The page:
So let us grant that, however we choose to define reality, our emotions are “real”. Let us, for convenience if nothing else, cut through the various philosophical subtleties and complexities, and proclaim that what we feel must be real. For, without such an assumption, our thoughts, our actions, our very lives, would be based merely upon illusions.

We may describe most of our emotions by ascribing to them labels: we may label certain emotions as “anger”, or as “fear”, or as “contentment”, and be confident of being understood when we use these terms, since these emotions have been felt, we can be fairly certain, by most, if not all, other humans. There’s no point trying to formulate definitions when a general understanding already exists.

But what about those emotions that one has felt for which there is no handy label, no descriptive term or word? And which we cannot even be sure have been universally experienced? I mean those experiences that, for want of universally understood terms, we tend to refer to as “spiritual”, or as “transcendental”, or something similarly vague. Those experiences that, in Wordsworth’s words, give us a “sense sublime of something far more deeply interfused”. Such emotions may be straying too close for comfort to religious experience, but even diehard atheists often admit to having felt this kind of thing. We may feel these things in the presence of a resplendent sunset, say; or on viewing some majestic vista from atop a mountain; or on viewing the glory of a star-emblazoned sky on a clear and cloudless night.

We may, indeed, describe the experience of these emotions as “sacred”, but here we run into difficulties: the sacred is usually defined as that which is related to divinity; however, though belief in divinity has declined sharply over the last few decades (at least, in the western world), our capacity to experience those feelings that we may describe as “sacred” hasn’t. And neither, I’d argue, has our need to experience them. So, if the concept of the “sacred” continues to hold meaning for us even if we have stopped believing in God, or even if, like myself, we’re agnostic, we must question whether the “sacred” need necessarily be tied to religion. But how can we define “sacred” otherwise? If we decouple the “sacred” from religious experience, and describe it in more secular terms as anything to which we feel we owe reverence, then the concept of the “sacred” loses all objectivity, and, can, indeed, be anything. To Félicité in Flaubert’s story “Un Coeur Simple”, even a stuffed parrot becomes “sacred”.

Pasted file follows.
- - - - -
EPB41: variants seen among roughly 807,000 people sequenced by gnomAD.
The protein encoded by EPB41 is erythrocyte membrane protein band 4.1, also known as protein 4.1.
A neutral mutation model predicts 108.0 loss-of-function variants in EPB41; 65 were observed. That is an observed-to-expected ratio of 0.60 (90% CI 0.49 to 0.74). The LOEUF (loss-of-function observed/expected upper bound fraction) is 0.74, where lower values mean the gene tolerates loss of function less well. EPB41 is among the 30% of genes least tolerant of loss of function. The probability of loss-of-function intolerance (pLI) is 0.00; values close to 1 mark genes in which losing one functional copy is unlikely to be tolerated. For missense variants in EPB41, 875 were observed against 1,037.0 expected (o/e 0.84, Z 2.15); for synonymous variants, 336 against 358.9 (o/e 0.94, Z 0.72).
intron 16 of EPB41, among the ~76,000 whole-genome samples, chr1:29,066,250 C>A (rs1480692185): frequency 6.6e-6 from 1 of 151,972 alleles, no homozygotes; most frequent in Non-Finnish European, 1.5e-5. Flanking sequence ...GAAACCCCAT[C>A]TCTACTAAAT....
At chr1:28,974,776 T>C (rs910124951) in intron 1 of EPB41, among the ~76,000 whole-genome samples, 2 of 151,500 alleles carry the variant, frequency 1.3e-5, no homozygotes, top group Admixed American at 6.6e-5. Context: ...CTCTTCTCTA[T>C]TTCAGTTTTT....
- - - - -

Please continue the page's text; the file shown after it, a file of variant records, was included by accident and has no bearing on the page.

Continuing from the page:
However, if what may be deemed “sacred” is not purely objective, it is not, I think, purely subjective either. For what gives rise to these feelings are generally not stuffed parrots, but, rather, resplendent sunsets and mountain-top vistas and the like. And, also, certain works of art. This last I know for a fact, because I have felt this emotion myself when I have come into contact with certain music, certain poems, certain paintings. And, if we deem emotions to be real, then this emotion, too, must be real.

And these emotions are, I’d argue, very precious emotions, whether we feel them in the presence of starry skies, of Michelangelo’s Pietà, or even, for that matter, of stuffed parrots. Towards the end of Flaubert’s story, Félicité, her mind never too strong to begin with and now further weakened by age, as she breathes her last, has a resplendent vision of a gigantic parrot hovering above her. It is utterly absurd, yes, but at the same time, this passage has about it a sense of gravity, of solemnity, that, given the ludicrous nature of the image, is hard to account for. I find it hard to tell whether Flaubert intended to debunk the very idea of religious experience, or to elevate Félicité’s absurd vision into something significant, something that gives a meaning to her otherwise meaningless life. Perhaps there are elements of both: literature can signify many things, even contradictory things, simultaneously. But either way, the sense of rapture Félicité feels is real, even if the gigantic parrot hovering above her isn’t. That sense sublime of something far more deeply interfused exists even here, and is precious, even though there is nothing here interfused, far more deeply or otherwise.

I think this accounts for the often quasi-religious zeal many of us feel for the arts: the arts provide, or, at least, are capable of providing, experiences generally considered to belong to the realms of religion. The idea that art can, or should, give rise to such feelings remains, however, hotly disputed. There are those who insist, often quite aggressively, that the arts exist for one purpose and one purpose only – to give pleasure. The arts, we are told, traditionally existed for no other reason, and that we only started to become precious about it in more recent times. For instance, Alan Bissett, in the article linked to above, solemnly tells us:

Stretching back to oral folk culture, stories were democratic in their nature, bonding communities in a shared experience. Everyone had a tale to tell around the fire; the audience could decide for themselves if it was good or not.

Tempting though it may be to picture our distant forefathers seated around a communal fire and entertaining themselves, purely for pleasure, with recitations from The Book of Job, it doesn’t seem to me an image that rings particularly true. From even the earliest of our surviving literature, it is obvious that the creators, even when they set out to entertain, had set out also to achieve more.